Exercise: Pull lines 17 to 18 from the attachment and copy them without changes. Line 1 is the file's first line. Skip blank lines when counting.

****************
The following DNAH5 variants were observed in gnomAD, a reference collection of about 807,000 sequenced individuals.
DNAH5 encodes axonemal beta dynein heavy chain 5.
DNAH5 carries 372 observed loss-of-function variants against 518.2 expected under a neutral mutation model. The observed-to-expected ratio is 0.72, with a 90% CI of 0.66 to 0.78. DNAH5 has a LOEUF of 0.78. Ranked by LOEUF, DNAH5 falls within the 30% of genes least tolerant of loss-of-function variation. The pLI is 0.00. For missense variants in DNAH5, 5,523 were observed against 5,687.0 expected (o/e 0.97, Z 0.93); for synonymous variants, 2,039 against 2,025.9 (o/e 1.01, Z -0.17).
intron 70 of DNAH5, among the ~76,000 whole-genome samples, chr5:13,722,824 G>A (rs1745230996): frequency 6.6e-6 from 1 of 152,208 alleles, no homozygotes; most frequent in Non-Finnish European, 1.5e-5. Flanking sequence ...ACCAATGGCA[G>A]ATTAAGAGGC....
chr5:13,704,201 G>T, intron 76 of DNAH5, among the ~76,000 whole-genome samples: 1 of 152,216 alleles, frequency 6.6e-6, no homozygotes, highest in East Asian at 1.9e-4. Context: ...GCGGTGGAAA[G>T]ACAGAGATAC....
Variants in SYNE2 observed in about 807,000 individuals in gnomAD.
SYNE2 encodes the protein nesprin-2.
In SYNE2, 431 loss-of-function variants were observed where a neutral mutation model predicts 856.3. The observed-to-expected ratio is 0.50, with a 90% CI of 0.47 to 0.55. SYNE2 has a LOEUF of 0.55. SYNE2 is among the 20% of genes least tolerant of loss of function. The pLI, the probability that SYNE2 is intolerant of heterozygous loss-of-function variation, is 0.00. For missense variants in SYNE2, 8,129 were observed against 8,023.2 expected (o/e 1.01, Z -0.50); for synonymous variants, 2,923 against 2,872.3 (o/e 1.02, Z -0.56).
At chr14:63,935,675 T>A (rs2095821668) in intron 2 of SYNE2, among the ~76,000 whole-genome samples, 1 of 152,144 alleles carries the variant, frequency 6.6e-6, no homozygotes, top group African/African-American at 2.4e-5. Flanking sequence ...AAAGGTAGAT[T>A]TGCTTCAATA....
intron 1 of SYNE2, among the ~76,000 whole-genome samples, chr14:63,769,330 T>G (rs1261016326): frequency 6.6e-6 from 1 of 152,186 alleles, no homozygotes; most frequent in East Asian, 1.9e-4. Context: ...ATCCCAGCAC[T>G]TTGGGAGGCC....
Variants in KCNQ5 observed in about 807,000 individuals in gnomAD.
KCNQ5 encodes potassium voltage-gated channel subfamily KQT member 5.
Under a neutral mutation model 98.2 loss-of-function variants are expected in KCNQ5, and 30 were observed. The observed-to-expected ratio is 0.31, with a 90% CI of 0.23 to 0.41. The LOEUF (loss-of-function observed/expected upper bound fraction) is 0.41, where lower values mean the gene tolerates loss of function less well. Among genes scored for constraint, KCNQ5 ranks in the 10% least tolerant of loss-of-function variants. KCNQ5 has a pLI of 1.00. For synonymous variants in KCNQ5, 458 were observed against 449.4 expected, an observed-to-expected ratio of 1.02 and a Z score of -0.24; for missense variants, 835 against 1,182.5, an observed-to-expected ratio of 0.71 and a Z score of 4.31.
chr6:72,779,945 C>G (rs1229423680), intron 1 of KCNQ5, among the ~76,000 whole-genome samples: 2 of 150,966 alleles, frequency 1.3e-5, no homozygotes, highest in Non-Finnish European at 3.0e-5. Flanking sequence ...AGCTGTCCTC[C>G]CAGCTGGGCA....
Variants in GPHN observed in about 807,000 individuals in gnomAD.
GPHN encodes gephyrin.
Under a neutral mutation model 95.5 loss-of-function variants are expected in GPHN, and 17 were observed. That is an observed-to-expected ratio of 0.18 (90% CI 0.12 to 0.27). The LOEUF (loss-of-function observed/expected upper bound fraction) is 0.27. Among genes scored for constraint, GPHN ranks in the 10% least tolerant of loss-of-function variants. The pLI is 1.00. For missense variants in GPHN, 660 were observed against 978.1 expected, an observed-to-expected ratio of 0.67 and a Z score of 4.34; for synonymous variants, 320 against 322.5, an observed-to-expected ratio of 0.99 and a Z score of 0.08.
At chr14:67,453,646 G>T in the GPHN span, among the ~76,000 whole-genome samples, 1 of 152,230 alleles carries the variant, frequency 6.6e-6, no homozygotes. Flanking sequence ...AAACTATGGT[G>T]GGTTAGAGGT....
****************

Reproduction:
Under a neutral mutation model 95.5 loss-of-function variants are expected in GPHN, and 17 were observed. That is an observed-to-expected ratio of 0.18 (90% CI 0.12 to 0.27). The LOEUF (loss-of-function observed/expected upper bound fraction) is 0.27. Among genes scored for constraint, GPHN ranks in the 10% least tolerant of loss-of-function variants. The pLI is 1.00. For missense variants in GPHN, 660 were observed against 978.1 expected, an observed-to-expected ratio of 0.67 and a Z score of 4.34; for synonymous variants, 320 against 322.5, an observed-to-expected ratio of 0.99 and a Z score of 0.08.
At chr14:67,453,646 G>T in the GPHN span, among the ~76,000 whole-genome samples, 1 of 152,230 alleles carries the variant, frequency 6.6e-6, no homozygotes. Flanking sequence ...AAACTATGGT[G>T]GGTTAGAGGT....